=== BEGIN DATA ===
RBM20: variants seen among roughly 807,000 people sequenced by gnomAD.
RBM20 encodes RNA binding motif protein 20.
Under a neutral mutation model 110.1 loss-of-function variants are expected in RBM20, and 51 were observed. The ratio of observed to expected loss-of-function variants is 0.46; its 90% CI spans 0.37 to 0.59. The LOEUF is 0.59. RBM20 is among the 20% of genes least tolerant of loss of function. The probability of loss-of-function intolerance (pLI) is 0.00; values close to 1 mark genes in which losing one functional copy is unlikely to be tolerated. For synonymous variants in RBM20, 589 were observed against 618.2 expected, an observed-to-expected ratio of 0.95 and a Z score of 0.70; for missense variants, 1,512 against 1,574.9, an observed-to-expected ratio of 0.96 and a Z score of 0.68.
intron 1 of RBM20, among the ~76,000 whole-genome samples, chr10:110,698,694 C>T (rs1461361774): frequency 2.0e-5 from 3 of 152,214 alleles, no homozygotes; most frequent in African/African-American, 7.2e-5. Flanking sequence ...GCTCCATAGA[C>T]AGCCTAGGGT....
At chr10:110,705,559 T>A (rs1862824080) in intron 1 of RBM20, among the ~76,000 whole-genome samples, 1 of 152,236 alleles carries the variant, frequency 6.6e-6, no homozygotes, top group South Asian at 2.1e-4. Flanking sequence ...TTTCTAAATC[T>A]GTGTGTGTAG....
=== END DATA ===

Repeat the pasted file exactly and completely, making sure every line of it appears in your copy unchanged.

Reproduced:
RBM20: variants seen among roughly 807,000 people sequenced by gnomAD.
RBM20 encodes RNA binding motif protein 20.
Under a neutral mutation model 110.1 loss-of-function variants are expected in RBM20, and 51 were observed. The ratio of observed to expected loss-of-function variants is 0.46; its 90% CI spans 0.37 to 0.59. The LOEUF is 0.59. RBM20 is among the 20% of genes least tolerant of loss of function. The probability of loss-of-function intolerance (pLI) is 0.00; values close to 1 mark genes in which losing one functional copy is unlikely to be tolerated. For synonymous variants in RBM20, 589 were observed against 618.2 expected, an observed-to-expected ratio of 0.95 and a Z score of 0.70; for missense variants, 1,512 against 1,574.9, an observed-to-expected ratio of 0.96 and a Z score of 0.68.
intron 1 of RBM20, among the ~76,000 whole-genome samples, chr10:110,698,694 C>T (rs1461361774): frequency 2.0e-5 from 3 of 152,214 alleles, no homozygotes; most frequent in African/African-American, 7.2e-5. Flanking sequence ...GCTCCATAGA[C>T]AGCCTAGGGT....
At chr10:110,705,559 T>A (rs1862824080) in intron 1 of RBM20, among the ~76,000 whole-genome samples, 1 of 152,236 alleles carries the variant, frequency 6.6e-6, no homozygotes, top group South Asian at 2.1e-4. Flanking sequence ...TTTCTAAATC[T>A]GTGTGTGTAG....